Week 3 follow-up

Here are some important concepts that we didn't have a chance to go into in great detail last week. You can use the sections below to review the concepts individually. You can also review how they work together in `math_game.py`, which is included in the week 4 lecture files.

Return random values with the `random` module

Use `random.choice()` to select items at random from a list.

```>>> import random
>>> my_list = ["terry j.","john","parrot","michael","terry g.", "graham", "llama"]
>>> random.choice(my_list)
'graham'
>>> random.choice(my_list)
'terry j.'
>>>
```

Use `random.sample()` to gather a given number of random items from a list. The first argument you pass to the `random.sample()` function is the set of items you are sampling from. The second argument is the number of items you want to gather from that set.

```>>> random.sample(my_list,3)
['terry j.', 'llama', 'michael']
```

Use `random.randint()` to gather a random number from a list of numbers. You specify the list of sequential numbers by passing the starting number as the first argument, and the final number as the last argument. Unlike with `range()` function discussed below, when you use `randint()` both the first and last numbers you specify are included in the set you are sampling from.

```>>> random.randint(1,10)
8
>>> random.randint(1,10)
3
>>> random.randint(1,10)
10
>>>
```

Generating a list of numbers easily with `range()`

```>>> range(5)
[0, 1, 2, 3, 4]
>>> for i in range(5):
...     print("Hi" * i)
...

Hi
HiHi
HiHiHi
HiHiHiHi```

The `range()` function returns a list of numbers. This is handy for when you want to generate a list of numbers on the fly instead of creating the list yourself.

```>>> range(5)
[0, 1, 2, 3, 4]
```

Use `range` when you want to loop over a bunch of numbers in a list, or perform an operation a certain number of times:

```>>> numbers = range(5)
>>> for number in numbers:
...     print(number * number)
...
0
1
4
9
16
```

We could rewrite the above example like this:

```>>> for number in range(5):
...     print(number * number)
...
0
1
4
9
16
```

You can also set the start, end, and increment value (called "step") for a range.

```>>> for i in range(2,20,2):
...         print(i)
2
4
6
8
10
12
14
16
18
```

Get user input with `input()`

```>>> for i in range(100):
...     my_input = input("Please type something> ")
...     if my_input == "Quit":
...         print("Goodbye!")
...         break
...     else:
...         print("You said: " + my_input)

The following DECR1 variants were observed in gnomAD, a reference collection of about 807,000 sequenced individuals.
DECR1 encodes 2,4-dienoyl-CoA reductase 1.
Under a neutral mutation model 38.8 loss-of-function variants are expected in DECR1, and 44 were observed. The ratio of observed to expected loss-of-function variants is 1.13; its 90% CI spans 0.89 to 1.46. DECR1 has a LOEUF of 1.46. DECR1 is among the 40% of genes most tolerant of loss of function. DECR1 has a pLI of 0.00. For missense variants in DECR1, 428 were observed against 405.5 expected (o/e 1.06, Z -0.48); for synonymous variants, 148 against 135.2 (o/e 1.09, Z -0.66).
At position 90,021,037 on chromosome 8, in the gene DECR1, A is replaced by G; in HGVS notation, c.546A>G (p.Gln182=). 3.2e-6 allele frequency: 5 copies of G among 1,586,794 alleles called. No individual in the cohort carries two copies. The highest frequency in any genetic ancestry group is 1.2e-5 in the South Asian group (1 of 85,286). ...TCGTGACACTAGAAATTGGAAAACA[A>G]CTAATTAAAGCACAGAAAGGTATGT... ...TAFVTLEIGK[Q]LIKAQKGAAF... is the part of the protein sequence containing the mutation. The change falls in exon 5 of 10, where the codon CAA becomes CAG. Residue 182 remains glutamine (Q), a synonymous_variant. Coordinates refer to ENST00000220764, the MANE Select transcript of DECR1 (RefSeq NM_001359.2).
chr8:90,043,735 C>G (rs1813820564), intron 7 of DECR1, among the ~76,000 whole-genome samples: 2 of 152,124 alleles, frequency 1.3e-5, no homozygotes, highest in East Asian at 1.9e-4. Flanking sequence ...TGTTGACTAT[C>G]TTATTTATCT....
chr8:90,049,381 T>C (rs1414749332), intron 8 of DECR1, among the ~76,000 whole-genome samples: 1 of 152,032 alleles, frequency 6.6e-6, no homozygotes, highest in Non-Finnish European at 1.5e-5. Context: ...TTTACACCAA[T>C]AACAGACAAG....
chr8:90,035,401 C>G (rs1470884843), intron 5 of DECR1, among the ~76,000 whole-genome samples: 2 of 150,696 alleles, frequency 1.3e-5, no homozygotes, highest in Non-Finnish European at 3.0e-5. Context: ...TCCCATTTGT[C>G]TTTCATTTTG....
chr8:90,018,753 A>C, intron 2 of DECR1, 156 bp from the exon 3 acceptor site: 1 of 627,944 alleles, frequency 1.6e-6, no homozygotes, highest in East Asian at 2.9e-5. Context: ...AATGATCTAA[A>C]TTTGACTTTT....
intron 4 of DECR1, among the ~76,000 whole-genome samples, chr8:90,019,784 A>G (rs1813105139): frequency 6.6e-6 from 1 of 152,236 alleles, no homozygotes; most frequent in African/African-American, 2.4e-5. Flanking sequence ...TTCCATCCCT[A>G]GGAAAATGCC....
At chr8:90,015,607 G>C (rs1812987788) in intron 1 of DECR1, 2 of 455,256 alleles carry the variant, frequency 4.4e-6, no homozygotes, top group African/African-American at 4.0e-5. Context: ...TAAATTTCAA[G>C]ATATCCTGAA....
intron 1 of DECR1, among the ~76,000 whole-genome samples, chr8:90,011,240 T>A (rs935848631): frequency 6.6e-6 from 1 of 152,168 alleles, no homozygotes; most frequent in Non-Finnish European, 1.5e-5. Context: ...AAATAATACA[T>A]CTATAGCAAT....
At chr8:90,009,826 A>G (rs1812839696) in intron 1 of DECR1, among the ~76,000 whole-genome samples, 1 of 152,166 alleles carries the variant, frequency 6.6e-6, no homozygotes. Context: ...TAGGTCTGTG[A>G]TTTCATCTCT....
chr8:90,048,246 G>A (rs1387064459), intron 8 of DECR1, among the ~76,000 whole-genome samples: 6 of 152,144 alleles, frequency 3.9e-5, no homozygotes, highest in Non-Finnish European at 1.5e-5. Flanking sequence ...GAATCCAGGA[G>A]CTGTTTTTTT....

...
You said: Hello
Please type something> How are you?
You said: How are you?
Goodbye!
>>>
```

Things to remember about `input()`

• Input() simply asks the user to type something.
• You can test out input() interactively. Just go into the python interpreter and type: input("What's your favorite color?")
• The stuff that goes inside the parentheses is the "prompt". It's a string, and should be surrounded by quotes. When you run your program, the prompt text will be shown to the user right to the left of the blinking cursor where they will type their input.
• Python will ask the user to type something at the point in the script where input() is called. Remember that Python executes scripts from top to bottom, left to right. If you put input inside a loop, it will ask the user to type something every time the loop is executed in your script.
• What you DO with that user input is up to you. The best thing to do is to save it as a variable, i.e. user_name = input("Please type your name")
• Python saves user input as a string, so if the user types "Daria" in the example above, then user_name will equal "Daria".
• Once you've saved your user's input, you can use it like any other string variable. In the case of the babynames challenges, you probably want to compare it with the keys in one of the babynames dictionaries (ssadata.boys or ssadata.girls), so that you can find out how many people share that name. These keys are also strings.
• REMEMBER: the keys in the babynames dictionaries are all in lowercase, but you can't necessarily control how a user will type their input--it's natural that people will want to capitalize their own name! Fortunately, there are string methods (https://docs.python.org/3/library/stdtypes.html#string-methods (Links to an external site.)) that will convert any string into all lowercase. You can make a string lowercase by adding .lower() to the end of the string (or the variable that holds the string)!